Under The Bleachers: In Defence Of Diving

Above: Arjen Robben has become notorious for playing up fouls
Above: Arjen Robben has become notorious for playing up fouls

Whether you’re a devotee or detractor of the beautiful game, odds are you just said, “diving.”

In fact, if you’re a fan of just about any sport you’ve probably complained about a histrionic reaction to a routine play at some point. It’s embarrassing to watch a professional athlete flop and flail like they’ve been shot in the back; it’s even worse when the replay confirms what we knew all along: they totally fell down on purpose.

But there are different kinds of diving; some of which are inexcusable and others that are completely understandable. There’s making up a foul that didn’t happen; there’s embellishing a foul that did happen; and there’s dramatic playacting meant to imply the foul had a worse effect than it did.

Inventing a foul where there was no foul is indefensible—it’s flat-out cheating. To attempt to deceive an official into giving one team an advantage they don’t deserve is unsportsmanlike and offensive. Any player, in any sport, should be punished harshly for doing so—and, in some sports, they are.

Sure, it’s a problem in soccer, but the NBA has been battling “flopping” for years, finally implementing official disciplinary procedure two years ago. Players still flop—Dwyane Wade was fined $5,000 for flopping in game two of the NBA Finals this past season—but the negative repercussions, not just from the league but from the fans and their fellow players, has to be having an effect.

Likewise, writhing on the ground, pretending to be in agony is shameful. No one wants to watch a player fake an injury, only to hop back on their feet after the other team has been penalized or a sufficient amount of time has been wasted.

Soccer is well-known for this brand of diving, and with good reason: the Wall Street Journal found such 293 incidents in just 32 games of the 2014 World Cup, accounting for nearly two full hours of wasted playing time. To be sure: these aren’t players who had to leave the game—five times Brazilian star Neymar, who eventually suffered a fractured vertebrae on a true foul, fell to the ground in apparent anguish, only to be back on his feet in 15 seconds or less.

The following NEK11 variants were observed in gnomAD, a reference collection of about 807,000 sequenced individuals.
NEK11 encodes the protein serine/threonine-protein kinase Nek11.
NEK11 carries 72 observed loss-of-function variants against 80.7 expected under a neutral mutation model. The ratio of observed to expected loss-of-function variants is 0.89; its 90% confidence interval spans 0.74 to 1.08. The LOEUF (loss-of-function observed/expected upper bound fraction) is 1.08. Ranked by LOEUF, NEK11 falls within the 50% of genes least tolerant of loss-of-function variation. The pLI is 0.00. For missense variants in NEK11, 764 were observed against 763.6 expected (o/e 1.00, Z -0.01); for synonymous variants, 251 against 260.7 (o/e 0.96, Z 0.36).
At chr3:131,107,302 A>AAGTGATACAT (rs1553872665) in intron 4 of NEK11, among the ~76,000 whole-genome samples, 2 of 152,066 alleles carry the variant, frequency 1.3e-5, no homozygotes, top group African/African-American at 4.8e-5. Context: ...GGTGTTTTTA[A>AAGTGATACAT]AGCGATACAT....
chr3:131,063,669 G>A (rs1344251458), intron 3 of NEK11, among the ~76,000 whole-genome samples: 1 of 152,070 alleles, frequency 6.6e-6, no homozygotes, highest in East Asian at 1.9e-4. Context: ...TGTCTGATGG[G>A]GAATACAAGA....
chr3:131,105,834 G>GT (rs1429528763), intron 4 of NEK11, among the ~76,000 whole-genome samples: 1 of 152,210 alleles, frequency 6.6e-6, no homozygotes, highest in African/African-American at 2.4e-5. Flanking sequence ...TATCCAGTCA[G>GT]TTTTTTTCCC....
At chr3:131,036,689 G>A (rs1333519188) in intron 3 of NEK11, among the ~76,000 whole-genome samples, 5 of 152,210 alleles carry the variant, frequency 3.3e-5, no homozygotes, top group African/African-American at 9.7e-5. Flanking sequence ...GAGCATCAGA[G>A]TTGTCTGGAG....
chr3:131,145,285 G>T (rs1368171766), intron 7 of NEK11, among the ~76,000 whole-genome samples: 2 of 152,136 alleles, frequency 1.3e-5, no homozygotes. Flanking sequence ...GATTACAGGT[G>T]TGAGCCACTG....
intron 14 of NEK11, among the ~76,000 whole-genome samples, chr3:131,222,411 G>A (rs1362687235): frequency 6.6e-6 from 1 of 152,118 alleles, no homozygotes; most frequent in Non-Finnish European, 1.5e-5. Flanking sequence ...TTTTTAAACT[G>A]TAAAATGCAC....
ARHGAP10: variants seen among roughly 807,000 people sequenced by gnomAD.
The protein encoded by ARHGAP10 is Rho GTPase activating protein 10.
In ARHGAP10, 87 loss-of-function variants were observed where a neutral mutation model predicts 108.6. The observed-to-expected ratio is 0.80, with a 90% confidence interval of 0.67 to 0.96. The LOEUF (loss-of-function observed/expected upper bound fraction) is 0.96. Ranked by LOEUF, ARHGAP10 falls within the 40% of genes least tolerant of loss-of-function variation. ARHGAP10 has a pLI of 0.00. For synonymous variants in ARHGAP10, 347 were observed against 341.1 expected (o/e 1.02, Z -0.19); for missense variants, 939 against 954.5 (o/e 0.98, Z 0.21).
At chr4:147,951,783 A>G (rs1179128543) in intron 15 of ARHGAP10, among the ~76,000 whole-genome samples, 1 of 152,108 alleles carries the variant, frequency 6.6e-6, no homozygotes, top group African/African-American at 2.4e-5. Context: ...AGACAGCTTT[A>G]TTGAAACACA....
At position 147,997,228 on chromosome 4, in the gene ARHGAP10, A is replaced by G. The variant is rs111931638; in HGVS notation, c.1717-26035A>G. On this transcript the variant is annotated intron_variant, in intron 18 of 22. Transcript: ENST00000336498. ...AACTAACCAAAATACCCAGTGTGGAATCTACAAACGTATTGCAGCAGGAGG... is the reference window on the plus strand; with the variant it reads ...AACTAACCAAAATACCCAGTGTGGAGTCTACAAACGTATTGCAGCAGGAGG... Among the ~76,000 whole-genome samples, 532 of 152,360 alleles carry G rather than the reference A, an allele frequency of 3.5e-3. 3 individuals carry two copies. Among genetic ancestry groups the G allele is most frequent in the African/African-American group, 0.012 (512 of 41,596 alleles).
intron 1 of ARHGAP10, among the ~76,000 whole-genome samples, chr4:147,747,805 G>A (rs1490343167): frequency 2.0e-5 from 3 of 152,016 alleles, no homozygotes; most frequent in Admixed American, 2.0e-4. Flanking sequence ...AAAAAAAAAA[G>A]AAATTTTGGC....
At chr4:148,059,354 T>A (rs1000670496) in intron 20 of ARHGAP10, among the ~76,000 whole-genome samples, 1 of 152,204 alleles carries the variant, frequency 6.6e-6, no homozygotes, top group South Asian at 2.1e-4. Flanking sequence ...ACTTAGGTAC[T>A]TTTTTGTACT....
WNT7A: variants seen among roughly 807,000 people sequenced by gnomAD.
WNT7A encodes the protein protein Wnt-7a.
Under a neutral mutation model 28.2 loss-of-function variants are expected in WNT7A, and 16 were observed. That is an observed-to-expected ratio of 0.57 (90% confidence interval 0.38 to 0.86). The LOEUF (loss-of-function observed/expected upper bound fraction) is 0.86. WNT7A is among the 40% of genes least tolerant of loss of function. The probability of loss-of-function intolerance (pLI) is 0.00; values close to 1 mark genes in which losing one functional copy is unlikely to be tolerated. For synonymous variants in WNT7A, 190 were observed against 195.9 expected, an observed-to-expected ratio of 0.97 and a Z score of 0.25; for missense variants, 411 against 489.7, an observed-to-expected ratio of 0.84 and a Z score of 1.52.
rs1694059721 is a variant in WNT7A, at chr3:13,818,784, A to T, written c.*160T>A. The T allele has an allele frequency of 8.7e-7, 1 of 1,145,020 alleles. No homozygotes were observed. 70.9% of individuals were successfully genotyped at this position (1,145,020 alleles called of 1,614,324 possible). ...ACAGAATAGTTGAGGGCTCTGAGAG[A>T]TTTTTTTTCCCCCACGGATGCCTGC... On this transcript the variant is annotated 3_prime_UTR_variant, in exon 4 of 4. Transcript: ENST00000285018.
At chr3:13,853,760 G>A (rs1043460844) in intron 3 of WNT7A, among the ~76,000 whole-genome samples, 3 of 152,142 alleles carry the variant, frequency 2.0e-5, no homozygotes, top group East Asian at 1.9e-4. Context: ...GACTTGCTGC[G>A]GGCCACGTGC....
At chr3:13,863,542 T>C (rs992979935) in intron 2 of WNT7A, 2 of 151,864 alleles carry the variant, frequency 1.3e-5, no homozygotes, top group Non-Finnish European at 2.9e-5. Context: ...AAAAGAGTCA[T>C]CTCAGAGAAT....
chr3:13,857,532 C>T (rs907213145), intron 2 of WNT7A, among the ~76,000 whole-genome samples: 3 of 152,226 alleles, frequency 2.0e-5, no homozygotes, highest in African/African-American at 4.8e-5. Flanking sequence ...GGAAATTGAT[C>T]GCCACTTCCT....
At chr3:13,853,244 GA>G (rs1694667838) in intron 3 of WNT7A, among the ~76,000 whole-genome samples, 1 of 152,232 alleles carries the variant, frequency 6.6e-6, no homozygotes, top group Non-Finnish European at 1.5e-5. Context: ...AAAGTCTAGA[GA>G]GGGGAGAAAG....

Hockey tends to unilaterally shame those who don’t try to play as hard as they can, even if they’re truly hurt—if your limbs are attached, play on. Alexei Kovalev, a highly skilled player with more than 1,000 points in his career, will be remembered most for two incidents: the first in 1995, when, as a member of the New York Rangers, he faked an injury that negated a goal for the Quebec Nordiques; the second cost his Montreal Canadiens a playoff game when he pretended to be injured by a slash, ignoring the puck and allowing the Boston Bruins to score. He could have scored 10,000 points and he’d still have a well-deserved reputation as a faker.

Faking an injury isn’t good, but officials understand that injuries can happen during the normal course of play and so aren’t necessarily more likely to hand out punishment because a player got hurt. The attempted deception is there, but it’s less likely to have the intended effect—when it does, you kind of have to blame the official for falling for it, and when it doesn’t work it tends to embarrass the diver. 

But then there’s embellishment, which, unfortunately, is a necessary evil in some sports. Think of how big a soccer field is, and how difficult it would be for soccer officials to see what all 22 players on that field are doing at all times, and it’s easy to see how many fouls would be missed if players didn’t “go to ground” when they’d been fouled. How can an official 30 yards away be expected to see when one player steps on another player’s foot, or yanks on their jersey, or gives them a shove in the back? In those cases it’s necessary, even proper, for a player to indicate to the official that they’ve been fouled by falling down.

But also consider hockey—how hard is it for a referee to see when one player is holding another’s stick, or notice the split second when someone gets high-sticked? That’s exactly why players are trained to let go of their stick if an opponent is holding it and why they instinctively grab their head if a stick even grazes them—they’re legitimate fouls that deserve to be called, and there’s nothing wrong with helping a referee to better see what’s happening.

It’s perfectly reasonable to complain about diving, it certainly doesn’t make any sport more enjoyable to watch. But keep in mind that sometimes embellishing is necessary to keep the game fair.

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Drew Berner

Drew Berner is a freelance writer born and raised in Toronto and specializing in entertainment, sports and politics. He occasionally collects vinyl records, enjoys hate-watching the Blue Jays, appreciates good beer and great scotch, and goes to sleep each night with 120 lbs. of Great Dane draped over him (it’s a lot more comfortable than it sounds). Follow him on Twitter @DrewBerner for photos of huge dogs, observational humour and assorted sports rage.

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